by Gabe Mirkin, M.D.
Both exercise and calorie restriction reduced liver fat in overweight and obese adults, but only exercise had a dose-dependent effect in reducing liver fat and reducing belly fat (Br J Spots Med, Jan 20, 2023).
Storing fat in your belly is a stronger risk factor for diabetes than just being overweight, and is arguably the most common cause of Type II diabetes in North America today (BMC Public Health, November 18, 2019). Most cases of Type II diabetes are caused by inability to respond to insulin because of excess fat in the liver (J Clin Invest, May 19, 2020).
Having excess fat in your liver puts you at high risk for diabetes, strokes, heart attacks, certain cancers, liver failure and premature death. More than 50 percent of people with excess fat in their liver are already diabetic or prediabetic (J of Family Med and Prim Care, Dec, 2022;11(12):7640-7643), and 11-20 percent of people with excess fat in their liver will suffer from liver failure within 10–15 years (Clin Gastroenterol Hepatol, 2015;13:643–540). See my explanation of insulin resistance and fatty liver in How Sugar-Added Foods and Drinks Increase Risk for Heart Disease.
Use Both Aerobic Exercise and Resistance Exercise to Combat Insulin Resistance
• The larger your muscles, the less likely you are to become insulin resistant. A study done in mice suggests that high blood sugar will cause loss of muscle size (JCI Insight, February 21, 2019;4(4)).
• Six weeks of resistance exercise improves insulin sensitivity in young, overweight men (Experimental Physiology, Feb 1, 2019).
• A review of 105 studies shows that a regular exercise program lowers fasting blood sugar and HBA1c (which measures the amount of sugar stuck on hemoglobin) in both diabetics and non-diabetics, and that each additional 100 minutes per week of physical activity was associated with a mean average decrease of 2.75 mg/dL of fasting blood sugar (Acta Diabetol, (2017) 54:983).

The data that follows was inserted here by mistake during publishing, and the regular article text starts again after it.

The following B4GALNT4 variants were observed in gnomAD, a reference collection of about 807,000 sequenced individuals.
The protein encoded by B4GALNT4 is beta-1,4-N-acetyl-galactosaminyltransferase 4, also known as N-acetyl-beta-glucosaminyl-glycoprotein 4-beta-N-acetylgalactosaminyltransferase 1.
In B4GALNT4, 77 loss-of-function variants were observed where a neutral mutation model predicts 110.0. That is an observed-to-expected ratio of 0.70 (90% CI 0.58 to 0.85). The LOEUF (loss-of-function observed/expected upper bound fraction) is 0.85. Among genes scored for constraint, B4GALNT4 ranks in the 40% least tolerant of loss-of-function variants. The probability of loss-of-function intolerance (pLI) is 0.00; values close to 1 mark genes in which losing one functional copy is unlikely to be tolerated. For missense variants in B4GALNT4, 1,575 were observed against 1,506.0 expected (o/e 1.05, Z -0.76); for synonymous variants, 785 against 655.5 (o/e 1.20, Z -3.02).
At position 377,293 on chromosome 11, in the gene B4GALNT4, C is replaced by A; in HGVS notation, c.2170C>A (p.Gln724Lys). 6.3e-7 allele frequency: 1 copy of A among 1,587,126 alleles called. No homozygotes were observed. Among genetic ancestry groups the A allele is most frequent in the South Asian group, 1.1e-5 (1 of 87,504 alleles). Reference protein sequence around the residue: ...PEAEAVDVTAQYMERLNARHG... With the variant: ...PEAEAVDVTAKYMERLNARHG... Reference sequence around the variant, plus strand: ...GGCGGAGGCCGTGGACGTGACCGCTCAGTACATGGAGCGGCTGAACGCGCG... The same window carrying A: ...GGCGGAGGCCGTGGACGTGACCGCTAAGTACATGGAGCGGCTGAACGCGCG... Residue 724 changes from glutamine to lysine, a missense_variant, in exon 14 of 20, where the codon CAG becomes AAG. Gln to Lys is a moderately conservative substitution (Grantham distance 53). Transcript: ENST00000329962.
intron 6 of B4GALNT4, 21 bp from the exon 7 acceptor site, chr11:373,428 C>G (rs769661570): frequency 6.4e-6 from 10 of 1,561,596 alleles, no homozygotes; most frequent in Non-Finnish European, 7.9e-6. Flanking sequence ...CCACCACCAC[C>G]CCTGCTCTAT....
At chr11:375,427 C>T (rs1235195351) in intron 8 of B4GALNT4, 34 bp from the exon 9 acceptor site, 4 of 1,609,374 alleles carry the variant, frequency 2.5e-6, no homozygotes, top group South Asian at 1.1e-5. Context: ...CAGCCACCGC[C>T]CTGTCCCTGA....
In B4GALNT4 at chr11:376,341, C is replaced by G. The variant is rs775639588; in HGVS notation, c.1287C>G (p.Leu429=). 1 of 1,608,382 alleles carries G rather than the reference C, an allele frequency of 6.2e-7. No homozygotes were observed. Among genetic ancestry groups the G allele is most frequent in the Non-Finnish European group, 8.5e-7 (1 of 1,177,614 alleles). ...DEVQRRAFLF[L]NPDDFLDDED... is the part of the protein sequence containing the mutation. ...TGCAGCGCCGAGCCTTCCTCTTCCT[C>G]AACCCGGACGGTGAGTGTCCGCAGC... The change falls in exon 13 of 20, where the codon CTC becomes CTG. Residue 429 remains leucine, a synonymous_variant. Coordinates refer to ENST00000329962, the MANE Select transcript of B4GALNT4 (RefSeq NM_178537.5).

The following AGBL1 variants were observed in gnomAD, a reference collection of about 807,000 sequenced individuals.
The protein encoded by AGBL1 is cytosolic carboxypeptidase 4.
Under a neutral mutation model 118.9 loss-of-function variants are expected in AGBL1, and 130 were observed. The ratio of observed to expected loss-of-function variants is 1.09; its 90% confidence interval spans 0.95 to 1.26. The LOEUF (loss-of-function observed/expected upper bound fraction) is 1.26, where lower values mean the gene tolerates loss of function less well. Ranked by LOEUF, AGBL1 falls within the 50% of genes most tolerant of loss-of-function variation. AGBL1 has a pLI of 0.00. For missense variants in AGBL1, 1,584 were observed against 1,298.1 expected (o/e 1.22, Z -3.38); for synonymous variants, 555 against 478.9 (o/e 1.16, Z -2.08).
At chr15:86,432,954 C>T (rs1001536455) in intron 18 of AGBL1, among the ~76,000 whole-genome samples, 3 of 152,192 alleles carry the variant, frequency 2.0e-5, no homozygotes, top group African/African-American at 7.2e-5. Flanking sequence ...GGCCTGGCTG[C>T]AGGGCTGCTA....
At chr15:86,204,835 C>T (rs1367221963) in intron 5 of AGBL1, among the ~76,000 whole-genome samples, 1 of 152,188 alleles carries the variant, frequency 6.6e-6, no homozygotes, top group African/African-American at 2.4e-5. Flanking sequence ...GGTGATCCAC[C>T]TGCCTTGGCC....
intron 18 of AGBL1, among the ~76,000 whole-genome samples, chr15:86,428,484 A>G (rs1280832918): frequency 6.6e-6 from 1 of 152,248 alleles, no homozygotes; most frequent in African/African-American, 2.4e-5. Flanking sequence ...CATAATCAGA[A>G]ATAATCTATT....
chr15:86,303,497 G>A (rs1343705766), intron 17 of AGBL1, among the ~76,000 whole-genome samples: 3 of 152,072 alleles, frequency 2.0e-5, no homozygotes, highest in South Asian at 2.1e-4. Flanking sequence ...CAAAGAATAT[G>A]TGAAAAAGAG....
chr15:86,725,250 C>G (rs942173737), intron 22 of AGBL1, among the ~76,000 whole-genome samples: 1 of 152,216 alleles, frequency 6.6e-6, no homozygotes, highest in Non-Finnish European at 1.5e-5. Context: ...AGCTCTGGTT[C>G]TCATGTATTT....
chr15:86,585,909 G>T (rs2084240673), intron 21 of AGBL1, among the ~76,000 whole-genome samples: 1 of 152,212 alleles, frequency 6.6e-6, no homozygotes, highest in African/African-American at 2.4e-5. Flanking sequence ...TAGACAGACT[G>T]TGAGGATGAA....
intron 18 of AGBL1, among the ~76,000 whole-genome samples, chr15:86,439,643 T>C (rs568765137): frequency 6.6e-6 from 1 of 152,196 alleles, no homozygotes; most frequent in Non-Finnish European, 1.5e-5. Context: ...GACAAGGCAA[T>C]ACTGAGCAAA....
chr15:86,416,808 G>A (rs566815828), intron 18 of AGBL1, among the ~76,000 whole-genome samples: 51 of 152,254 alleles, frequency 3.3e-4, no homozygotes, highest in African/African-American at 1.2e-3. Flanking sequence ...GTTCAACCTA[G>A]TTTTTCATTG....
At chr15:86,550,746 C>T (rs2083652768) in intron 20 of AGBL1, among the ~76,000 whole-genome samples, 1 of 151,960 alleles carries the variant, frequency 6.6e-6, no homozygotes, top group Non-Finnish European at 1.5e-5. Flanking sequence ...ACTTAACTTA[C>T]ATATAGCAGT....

• Strength training lowers high blood sugar levels and liver fat, even before weight loss occurs (Journal of Endocrinology, Apr 2019;241(1):59–70).
Getting Rid of Fat in Your Liver
There are no drugs to get fat out of your liver, but a fatty liver can often be cured with lifestyle changes. Just about everyone who has a big belly and small buttocks is already diabetic or pre-diabetic since genetically they preferentially store fat in their liver. To prevent fat from getting into your liver, you need to prevent blood sugar levels from rising too high after meals.
• Start and maintain a regular exercise program.
• Try to move about or exercise before or after you eat. Contracting muscles remove sugar from your bloodstream without needing insulin. See Move Around Before and After You Eat.
• Lose excess fat, particularly in your belly. Ideally, you should be able to pinch less than an inch of fat under the skin on your belly.
• Base your diet on vegetables, fruits, whole grains, beans, nuts and other seeds. Severely restrict foods with added sugar and all sugared drinks including fruit juices, mammal meat, processed meats, and fried foods. If you have a large belly, you should also limit all refined carbohydrates such as those found in foods made from flour, including bakery products, pastas, and most dry breakfast cereals.
• Get blood levels of hydroxy vitamin D above 30 nmol/L
Most cases of Type II diabetes are caused by insulin resistance which usually comes from excess fat in the liver and muscles. Both aerobic and resistance exercise help to prevent and treat diabetes by helping to empty the liver and muscles of excess sugar. Exercise helps to reduce excess weight, high blood pressure, high LDL cholesterol, and high triglycerides. Exercise also helps to increase healthy HDL cholesterol, strengthens muscles and bones, and combats depression.
Signs of a Fatty Liver
Caution: Exercise can cause a heart attack in a person who has blocked arteries or heart damage. Check with your doctor before you start a new exercise program or vigorous activity.
Gabe Mirkin, M.D., is a sports medicine doctor and fitness guru. A practicing physician for more than 50 years and a radio talk show host for 25 years, Dr. Mirkin has run more than 40 marathons and is now a serious tandem bike rider with his wife, Diana. His website is http://drmirkin.com/. Click to read Gabe’s full bio.
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